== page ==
Iran's terrorist leaders are well versed in "martyrdom operations" against Americans. On June 25, 1996, Iran attacked America at Dhahran, Saudi Arabia, exploding a huge truck bomb that devastated Khobar Towers, murdered 19 U.S. airmen, and wounded 400. While the attack was staged by Saudi Hizballah members, the entire operation was planned, funded, and coordinated by Iran's security services, the IRGC and MOIS, acting on orders from the highest levels of the regime in Tehran. The FBI recommended a criminal indictment that would identify Iran as the sponsor of the Khobar bombing. The Clinton administration refused to support a prosecution. In February 2001, working with exactly the same evidence, the case was presented to a grand jury. On June 21, 2001, only four days before some of the terrorist charges would have become barred by the five-year statute of limitations, the grand jury indicted 13 Hizballah terrorists for the Khobar attack and identified Iran as the sponsor. (Wall Street Journal)
  • The Right of Return - of Property - Itamar Levin
    Israel must stand up and state categorically: We too have claims for compensation in exchange for conceding the right of return - those of the Jews from Arab countries. Private Jewish property in four Arab countries - Egypt, Iraq, Syria, and Lebanon - amounts to $10 billion. The World Organization of Jews from Arab Countries (WOJAC) estimates the total value of private and communal Jewish property at $30 billion. (Globes)
  • Want to Know What Egypt Really Thinks of the U.S.? - Jim Geraghty
    A quick perusal of the English-language press on the streets of Cairo suggests that anti-American sentiment is far from hidden. In fact, the headlines, editorials, and columns often demonize the U.S. and its allies in fervent tones. And all of this anti-American rhetoric is in the papers because the Egyptian government wants its public to get a steady diet of criticism against America and its policies. (National Review)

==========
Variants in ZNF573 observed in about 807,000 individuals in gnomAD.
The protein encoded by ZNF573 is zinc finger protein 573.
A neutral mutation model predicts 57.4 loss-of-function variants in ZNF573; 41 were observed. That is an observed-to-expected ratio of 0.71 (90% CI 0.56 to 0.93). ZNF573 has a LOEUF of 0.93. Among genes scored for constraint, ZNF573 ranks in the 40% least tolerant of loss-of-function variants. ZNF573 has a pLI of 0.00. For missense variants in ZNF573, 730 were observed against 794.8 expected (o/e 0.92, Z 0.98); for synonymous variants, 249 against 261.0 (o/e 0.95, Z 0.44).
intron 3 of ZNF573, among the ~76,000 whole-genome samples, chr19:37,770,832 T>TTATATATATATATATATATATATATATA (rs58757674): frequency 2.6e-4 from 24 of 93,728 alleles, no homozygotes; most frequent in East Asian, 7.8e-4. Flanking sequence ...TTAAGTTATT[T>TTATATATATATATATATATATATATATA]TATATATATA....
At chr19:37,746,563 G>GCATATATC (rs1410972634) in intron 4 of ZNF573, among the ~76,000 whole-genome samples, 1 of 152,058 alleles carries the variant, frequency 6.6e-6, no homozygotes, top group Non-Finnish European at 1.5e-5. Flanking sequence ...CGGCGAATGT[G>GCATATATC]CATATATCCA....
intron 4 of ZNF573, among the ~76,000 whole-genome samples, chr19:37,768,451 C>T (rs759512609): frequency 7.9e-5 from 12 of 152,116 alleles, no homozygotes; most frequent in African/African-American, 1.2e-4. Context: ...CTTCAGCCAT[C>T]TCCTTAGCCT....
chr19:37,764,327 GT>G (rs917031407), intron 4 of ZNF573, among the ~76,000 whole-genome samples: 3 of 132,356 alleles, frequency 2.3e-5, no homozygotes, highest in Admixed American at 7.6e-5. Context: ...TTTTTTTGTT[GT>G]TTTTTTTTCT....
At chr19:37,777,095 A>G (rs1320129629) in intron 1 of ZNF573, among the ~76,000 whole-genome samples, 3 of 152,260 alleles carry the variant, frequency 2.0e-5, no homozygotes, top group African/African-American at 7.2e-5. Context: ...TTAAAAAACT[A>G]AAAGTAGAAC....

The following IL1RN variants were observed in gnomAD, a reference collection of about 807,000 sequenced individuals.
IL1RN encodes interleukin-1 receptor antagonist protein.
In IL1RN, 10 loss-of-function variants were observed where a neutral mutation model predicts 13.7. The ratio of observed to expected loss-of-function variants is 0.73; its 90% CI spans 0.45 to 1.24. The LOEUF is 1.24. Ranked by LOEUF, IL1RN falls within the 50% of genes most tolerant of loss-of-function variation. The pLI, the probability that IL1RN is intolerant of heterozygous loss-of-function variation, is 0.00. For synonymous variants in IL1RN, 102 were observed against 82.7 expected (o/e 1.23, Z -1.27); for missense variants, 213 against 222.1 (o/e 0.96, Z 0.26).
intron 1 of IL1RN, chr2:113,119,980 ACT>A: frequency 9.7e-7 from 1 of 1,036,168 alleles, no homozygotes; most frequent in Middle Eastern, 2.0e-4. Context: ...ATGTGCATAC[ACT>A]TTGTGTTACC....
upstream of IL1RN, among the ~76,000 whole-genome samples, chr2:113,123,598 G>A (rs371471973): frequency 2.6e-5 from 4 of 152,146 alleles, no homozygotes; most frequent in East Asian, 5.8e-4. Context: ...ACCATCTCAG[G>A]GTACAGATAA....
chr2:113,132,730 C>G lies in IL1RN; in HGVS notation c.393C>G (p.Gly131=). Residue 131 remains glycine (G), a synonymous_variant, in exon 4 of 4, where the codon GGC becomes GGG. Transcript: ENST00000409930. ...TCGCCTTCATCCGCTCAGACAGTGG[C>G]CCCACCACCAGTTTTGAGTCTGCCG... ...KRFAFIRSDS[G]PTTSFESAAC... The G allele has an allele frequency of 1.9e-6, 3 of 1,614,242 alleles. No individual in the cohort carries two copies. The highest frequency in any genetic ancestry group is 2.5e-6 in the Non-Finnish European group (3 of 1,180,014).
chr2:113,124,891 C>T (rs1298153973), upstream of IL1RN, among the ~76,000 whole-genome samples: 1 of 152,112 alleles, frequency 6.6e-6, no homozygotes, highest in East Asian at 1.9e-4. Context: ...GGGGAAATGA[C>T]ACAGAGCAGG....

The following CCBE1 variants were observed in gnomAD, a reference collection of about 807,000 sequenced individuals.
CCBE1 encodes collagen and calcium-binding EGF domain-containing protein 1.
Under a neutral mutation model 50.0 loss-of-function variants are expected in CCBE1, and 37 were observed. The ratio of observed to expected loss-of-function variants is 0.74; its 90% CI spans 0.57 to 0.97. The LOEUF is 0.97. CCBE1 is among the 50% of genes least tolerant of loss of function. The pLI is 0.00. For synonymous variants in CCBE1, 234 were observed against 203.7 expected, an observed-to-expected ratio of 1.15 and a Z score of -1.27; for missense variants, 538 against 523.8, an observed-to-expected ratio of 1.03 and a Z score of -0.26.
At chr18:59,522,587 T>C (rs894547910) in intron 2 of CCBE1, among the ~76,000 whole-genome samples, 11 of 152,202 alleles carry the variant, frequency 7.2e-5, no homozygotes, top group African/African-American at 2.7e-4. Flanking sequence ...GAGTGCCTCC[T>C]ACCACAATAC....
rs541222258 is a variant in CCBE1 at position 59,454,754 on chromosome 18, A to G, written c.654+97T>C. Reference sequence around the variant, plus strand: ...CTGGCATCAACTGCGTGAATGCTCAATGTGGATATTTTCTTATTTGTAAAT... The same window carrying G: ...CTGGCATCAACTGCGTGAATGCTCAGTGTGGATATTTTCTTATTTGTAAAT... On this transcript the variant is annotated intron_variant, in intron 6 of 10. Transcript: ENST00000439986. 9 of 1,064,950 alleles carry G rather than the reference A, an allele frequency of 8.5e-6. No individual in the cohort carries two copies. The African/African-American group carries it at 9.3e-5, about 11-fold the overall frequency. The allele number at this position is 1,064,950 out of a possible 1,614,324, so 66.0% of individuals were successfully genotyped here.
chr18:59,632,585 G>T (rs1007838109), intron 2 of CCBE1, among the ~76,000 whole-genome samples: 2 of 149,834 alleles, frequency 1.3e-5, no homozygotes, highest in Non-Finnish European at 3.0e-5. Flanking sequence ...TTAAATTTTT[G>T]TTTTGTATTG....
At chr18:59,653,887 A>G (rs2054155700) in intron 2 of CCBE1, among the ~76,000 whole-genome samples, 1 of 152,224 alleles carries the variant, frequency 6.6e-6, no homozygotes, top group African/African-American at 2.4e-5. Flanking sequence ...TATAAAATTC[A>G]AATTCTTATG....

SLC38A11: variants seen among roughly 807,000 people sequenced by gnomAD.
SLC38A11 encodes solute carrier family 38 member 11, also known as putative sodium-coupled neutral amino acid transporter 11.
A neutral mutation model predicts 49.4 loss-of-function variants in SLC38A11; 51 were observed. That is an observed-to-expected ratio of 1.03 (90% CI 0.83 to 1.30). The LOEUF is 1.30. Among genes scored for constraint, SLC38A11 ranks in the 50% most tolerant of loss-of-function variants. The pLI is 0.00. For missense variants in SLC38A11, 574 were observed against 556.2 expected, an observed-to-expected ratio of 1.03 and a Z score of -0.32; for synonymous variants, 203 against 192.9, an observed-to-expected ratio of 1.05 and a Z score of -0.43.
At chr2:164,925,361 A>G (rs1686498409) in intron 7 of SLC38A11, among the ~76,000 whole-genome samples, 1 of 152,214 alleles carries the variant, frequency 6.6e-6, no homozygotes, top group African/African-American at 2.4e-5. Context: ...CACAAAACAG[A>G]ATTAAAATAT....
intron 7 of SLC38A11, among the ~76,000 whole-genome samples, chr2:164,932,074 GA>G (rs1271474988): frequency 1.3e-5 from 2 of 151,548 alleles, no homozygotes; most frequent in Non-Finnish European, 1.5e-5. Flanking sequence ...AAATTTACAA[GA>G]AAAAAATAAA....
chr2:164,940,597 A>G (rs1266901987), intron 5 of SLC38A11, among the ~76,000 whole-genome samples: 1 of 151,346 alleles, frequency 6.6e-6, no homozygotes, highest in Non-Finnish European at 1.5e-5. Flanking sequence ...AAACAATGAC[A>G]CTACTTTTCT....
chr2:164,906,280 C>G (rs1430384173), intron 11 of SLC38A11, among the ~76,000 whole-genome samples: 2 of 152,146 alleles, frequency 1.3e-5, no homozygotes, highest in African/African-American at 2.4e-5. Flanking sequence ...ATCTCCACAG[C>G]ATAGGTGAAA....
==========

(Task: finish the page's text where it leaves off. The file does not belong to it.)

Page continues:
• Observations:

    Bigotry and Criticism of Israel - James Carroll (Boston Globe)

    • Everyone who loves Israel, while also affirming Palestinian hopes, is disheartened. It is possible to condemn the broad Palestinian surrender to the nihilist fringe that sponsors such brutality without falling into an endemic anti-Palestinian bigotry. That the proper Palestinian demand for justice is so soaked in blood severely undercuts its claim on the world's conscience, and it is no manifestation of racial hatred to say so.
    • But criticism of Israel is increasingly animated by anti-Semitism. This shows up most obviously in some Arab countries, but also in Europe and America where political criticism of the Sharon government morphs into transcendent scorn.
    • A feature of anti-Semitic thinking at play here might be called the celebration of ''the ideal Jew.'' Jews as they exist are measured against Jews as they should exist, and are always found wanting. Israelis are thus commonly measured against standards of justice that Palestinians would not match, and neither, for that matter, would the administration of George W. Bush.


    To subscribe to the Daily Alert, click here to send a blank email message.
    To unsubscribe, click here to send a blank email message.